VTE – venous thromboembolism or blood clot

Venous thromboembolism (VTE) prevention in hospitalised patients is widely recognised internationally as an ongoing opportunity to improve patient safety.

Effective risk assessment and appropriate thromboprophylaxis (treatment to prevent a clot from forming) can reduce the occurrence of VTE.
Waikato DHB is developing an organisational approach to VTE risk assessment and promoting self–awareness of risk factors within our patient population.
The aim is to try to prevent our patients getting a VTE while in our hospitals.

A blood clot, mostly in the leg or lungs can happen to anyone at any age, and is called a venous thromboembolism.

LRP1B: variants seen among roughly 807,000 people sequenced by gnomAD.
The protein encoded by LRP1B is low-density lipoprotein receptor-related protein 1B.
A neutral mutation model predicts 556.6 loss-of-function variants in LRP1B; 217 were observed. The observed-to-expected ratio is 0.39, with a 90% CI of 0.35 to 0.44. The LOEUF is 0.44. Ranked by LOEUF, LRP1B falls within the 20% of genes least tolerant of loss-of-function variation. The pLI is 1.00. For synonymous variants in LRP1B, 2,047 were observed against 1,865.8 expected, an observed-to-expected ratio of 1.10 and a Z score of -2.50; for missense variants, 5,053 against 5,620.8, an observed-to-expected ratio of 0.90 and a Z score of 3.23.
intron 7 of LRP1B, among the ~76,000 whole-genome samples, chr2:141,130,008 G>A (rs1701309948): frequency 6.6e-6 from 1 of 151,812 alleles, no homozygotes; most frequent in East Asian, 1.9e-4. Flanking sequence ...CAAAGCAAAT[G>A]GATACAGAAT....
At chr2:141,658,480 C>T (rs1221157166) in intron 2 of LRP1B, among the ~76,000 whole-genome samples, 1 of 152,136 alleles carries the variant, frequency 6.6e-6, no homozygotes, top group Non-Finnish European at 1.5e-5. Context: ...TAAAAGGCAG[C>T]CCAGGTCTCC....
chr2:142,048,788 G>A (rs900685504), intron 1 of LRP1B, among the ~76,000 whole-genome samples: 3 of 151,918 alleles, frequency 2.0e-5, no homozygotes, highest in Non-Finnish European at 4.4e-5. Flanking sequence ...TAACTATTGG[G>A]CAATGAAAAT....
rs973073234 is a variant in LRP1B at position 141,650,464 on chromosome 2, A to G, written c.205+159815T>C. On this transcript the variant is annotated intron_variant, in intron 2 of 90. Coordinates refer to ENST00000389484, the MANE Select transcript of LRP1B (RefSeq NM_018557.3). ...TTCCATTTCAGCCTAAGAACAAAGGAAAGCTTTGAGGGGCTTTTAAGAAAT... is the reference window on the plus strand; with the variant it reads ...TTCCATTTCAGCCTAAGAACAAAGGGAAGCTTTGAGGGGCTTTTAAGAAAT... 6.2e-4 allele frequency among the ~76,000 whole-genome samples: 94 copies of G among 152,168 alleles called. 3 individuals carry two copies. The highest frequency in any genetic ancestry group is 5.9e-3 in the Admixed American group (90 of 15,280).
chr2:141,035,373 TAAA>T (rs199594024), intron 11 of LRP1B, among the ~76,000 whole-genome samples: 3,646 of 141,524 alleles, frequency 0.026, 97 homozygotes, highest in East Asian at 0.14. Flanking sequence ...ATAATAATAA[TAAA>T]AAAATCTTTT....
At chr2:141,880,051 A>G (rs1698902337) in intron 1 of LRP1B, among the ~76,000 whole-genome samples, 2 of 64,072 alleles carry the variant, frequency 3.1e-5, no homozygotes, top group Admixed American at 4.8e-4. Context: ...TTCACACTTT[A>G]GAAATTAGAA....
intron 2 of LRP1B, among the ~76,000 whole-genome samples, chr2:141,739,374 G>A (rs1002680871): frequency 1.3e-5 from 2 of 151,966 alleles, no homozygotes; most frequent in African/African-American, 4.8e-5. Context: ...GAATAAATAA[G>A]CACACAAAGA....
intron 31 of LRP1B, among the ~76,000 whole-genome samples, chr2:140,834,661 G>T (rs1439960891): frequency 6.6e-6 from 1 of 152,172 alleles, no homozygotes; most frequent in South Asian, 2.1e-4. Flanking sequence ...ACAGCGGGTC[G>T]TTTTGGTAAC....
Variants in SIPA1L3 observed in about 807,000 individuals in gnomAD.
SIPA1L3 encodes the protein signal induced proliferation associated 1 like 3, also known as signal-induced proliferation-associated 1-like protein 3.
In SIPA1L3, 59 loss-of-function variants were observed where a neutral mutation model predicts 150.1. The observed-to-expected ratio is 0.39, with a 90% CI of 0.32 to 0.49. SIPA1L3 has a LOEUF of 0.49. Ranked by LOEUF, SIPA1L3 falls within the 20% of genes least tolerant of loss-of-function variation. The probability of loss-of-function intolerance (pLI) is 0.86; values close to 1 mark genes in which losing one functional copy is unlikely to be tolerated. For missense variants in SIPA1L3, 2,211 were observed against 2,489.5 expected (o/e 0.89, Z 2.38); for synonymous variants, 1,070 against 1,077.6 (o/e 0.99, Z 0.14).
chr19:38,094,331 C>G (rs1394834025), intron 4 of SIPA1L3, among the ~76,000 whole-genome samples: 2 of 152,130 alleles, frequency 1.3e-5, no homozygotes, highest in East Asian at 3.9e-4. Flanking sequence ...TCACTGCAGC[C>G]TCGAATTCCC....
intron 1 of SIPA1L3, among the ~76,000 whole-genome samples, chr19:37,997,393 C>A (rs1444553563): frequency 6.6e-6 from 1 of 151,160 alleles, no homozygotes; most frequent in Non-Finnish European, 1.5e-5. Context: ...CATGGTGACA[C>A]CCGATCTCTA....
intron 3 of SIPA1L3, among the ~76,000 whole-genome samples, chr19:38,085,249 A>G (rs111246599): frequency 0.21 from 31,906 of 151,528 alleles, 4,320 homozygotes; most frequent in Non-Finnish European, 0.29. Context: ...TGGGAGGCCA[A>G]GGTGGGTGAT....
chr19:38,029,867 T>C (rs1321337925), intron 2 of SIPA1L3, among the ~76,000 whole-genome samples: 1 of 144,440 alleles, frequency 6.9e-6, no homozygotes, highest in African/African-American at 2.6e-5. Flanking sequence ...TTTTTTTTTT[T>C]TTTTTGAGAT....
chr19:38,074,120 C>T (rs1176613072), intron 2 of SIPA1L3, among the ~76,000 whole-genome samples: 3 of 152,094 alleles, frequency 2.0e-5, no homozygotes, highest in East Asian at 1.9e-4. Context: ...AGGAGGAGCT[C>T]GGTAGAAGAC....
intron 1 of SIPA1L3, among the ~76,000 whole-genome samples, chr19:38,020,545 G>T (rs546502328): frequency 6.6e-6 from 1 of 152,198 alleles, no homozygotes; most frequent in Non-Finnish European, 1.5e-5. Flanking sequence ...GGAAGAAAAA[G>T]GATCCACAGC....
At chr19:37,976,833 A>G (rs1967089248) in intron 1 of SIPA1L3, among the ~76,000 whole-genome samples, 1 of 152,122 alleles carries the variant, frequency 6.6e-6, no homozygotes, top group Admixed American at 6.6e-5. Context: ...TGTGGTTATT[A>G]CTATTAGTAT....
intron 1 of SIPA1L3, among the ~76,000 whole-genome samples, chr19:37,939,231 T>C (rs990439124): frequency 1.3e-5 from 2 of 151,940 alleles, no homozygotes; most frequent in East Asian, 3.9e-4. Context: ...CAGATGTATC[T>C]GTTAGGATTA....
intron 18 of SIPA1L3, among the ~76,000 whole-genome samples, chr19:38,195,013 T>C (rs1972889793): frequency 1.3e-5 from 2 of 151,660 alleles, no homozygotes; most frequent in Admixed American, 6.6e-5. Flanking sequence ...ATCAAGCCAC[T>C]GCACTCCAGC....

Some people do not have any warning signs or symptoms so it is important for everyone to know the risk factors, signs and to know that certain events or situations can trigger the formation of a blood clot.

Main triggers of blood clots

Contributing factors include general ill health, malignancy, and poor fluid intake. 

More information for patients and healthcare staff is available at www.worldthrombosisday.org(external link)